Global infrastructure flood risk analysis using big data

Lead Research Organisation: Newcastle University
Department Name: Civil Engineering and Geosciences


Infrastructure systems (energy, transport, water, waste and telecoms) globally face serious challenges. Analysis in the UK and elsewhere identifies significant vulnerabilities, capacity limitations and assets nearing the end of their useful life. Against this backdrop, policy makers internationally have recognised the urgent need to decarbonise infrastructure, to respond to changes in demographic, social and life style preferences, and to build resilience to intensifying impacts of climate change.

This PhD will draw on advances in (i) methods for broad scale infrastructure risk analysis, (ii) readily available datasets describing global climate and associated hazards, global exposure, and increasingly information on the location of key infrastructure networks, and, (iii) 'big data' processing and cloud computing techniques, to enable the first global infrastructure risk analysis.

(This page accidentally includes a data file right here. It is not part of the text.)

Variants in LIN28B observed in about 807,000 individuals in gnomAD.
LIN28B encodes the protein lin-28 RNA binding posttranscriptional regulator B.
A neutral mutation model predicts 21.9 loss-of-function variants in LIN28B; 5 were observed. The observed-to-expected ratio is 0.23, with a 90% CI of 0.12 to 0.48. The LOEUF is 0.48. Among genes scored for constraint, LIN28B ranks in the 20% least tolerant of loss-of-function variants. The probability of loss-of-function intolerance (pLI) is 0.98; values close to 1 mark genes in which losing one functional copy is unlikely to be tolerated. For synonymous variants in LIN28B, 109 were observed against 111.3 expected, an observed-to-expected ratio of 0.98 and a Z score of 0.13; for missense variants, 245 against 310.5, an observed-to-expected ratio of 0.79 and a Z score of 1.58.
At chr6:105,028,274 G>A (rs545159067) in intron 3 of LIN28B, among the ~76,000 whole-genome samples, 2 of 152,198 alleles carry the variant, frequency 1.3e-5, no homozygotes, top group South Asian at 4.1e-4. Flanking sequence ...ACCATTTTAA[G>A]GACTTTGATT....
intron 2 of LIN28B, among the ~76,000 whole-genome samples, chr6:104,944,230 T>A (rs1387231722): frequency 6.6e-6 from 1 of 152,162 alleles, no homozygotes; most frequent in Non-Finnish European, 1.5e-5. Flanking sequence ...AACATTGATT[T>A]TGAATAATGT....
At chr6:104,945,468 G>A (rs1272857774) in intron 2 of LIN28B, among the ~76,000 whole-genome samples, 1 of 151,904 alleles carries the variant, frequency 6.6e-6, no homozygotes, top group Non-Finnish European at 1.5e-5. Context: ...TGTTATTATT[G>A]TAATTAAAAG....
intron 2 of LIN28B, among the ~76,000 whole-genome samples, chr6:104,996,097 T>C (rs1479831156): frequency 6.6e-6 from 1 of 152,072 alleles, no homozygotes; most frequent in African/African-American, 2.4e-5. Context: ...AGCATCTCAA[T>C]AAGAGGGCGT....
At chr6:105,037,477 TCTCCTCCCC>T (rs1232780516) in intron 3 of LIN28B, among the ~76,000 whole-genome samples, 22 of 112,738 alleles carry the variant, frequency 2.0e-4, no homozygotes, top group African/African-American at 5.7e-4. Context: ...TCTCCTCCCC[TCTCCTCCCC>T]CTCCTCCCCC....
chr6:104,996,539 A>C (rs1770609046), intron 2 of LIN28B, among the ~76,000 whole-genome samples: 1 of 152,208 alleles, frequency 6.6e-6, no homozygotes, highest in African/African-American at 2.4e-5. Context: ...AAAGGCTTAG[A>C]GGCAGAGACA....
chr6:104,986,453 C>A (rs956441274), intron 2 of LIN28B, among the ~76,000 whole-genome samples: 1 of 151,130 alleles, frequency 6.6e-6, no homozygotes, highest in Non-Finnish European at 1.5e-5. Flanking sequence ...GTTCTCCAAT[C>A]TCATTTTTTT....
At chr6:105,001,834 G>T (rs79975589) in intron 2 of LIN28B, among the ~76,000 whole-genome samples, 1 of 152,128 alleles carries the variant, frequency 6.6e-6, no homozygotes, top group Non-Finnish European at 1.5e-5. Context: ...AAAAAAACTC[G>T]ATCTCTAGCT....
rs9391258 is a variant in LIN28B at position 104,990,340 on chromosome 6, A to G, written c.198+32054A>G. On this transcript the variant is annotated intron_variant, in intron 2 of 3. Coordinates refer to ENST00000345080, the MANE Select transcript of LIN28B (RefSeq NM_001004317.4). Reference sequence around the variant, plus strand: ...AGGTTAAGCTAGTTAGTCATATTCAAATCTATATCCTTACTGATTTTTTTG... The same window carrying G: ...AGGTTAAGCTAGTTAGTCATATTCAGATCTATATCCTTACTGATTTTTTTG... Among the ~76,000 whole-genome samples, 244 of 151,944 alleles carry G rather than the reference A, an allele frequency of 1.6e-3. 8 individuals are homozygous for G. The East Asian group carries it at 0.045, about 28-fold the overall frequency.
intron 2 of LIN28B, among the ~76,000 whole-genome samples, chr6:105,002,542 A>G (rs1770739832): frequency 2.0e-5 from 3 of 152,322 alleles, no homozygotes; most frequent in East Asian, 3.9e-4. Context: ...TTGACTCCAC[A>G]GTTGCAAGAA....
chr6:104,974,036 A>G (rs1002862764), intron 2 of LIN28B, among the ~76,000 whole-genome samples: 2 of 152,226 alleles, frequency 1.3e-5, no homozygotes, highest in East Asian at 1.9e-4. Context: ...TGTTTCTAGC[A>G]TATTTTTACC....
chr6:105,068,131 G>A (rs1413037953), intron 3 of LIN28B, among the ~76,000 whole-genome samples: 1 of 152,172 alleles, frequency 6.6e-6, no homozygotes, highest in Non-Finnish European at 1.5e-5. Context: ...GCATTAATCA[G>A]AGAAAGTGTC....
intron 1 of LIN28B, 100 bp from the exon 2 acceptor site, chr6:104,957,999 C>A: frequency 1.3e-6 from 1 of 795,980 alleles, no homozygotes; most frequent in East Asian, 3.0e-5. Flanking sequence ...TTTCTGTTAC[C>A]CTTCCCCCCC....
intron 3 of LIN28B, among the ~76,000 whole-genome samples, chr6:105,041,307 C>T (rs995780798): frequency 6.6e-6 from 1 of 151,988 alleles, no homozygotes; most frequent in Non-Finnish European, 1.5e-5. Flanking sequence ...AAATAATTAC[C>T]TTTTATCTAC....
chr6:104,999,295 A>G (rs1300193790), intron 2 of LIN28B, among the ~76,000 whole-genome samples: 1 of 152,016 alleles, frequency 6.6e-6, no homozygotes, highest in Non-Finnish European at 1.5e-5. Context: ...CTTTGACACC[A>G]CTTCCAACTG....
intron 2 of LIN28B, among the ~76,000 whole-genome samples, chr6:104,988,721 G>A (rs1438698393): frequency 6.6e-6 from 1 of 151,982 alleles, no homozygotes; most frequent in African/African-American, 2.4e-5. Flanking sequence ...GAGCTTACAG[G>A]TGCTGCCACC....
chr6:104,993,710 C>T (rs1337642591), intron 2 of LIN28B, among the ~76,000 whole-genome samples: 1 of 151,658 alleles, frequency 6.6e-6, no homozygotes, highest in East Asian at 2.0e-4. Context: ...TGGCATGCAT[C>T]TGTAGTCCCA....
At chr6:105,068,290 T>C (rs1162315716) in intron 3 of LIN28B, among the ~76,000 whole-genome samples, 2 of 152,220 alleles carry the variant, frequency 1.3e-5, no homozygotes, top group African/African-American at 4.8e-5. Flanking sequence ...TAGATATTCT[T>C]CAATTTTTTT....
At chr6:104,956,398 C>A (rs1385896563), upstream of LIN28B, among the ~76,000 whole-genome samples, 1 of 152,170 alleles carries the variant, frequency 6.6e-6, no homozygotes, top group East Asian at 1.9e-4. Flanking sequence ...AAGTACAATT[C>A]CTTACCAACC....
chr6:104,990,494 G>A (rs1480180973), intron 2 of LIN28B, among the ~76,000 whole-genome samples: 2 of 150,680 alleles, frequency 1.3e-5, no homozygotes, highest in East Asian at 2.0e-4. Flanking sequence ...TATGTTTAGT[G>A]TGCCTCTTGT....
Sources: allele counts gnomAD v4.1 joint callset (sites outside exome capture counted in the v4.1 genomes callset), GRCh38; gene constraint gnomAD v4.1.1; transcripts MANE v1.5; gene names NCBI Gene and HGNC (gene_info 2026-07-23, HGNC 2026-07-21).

The research will develop an integrated model that uses data from global mapping sources such as Google, Open Streetmap; i-COOL global marine networks (port flooding); CAA (airport flooding); global flood hazard maps (WRI: and climate model outputs (; population location (Global Rural Urban Mapping of Project) to look at future risks.

The project will develop an integrated assessment model of global transport networks, where the importance of major infrastructure network components are assessed based upon population served, information on route type (e.g. main, secondary road etc.), other published information (e.g. route frequency for airlines) and so on. This information, integrated with hazard extents, will provide a unique global risk assessment.

The size of the spatial datasets necessitates a cloud or distributed computing approach to handle and process the data. Web-enabled tools will be developed and the integrated framework for managing the workflow of these web-based tools will be designed with extensibility in mind to enable other researchers to augment the model as new data and capabilities become available.


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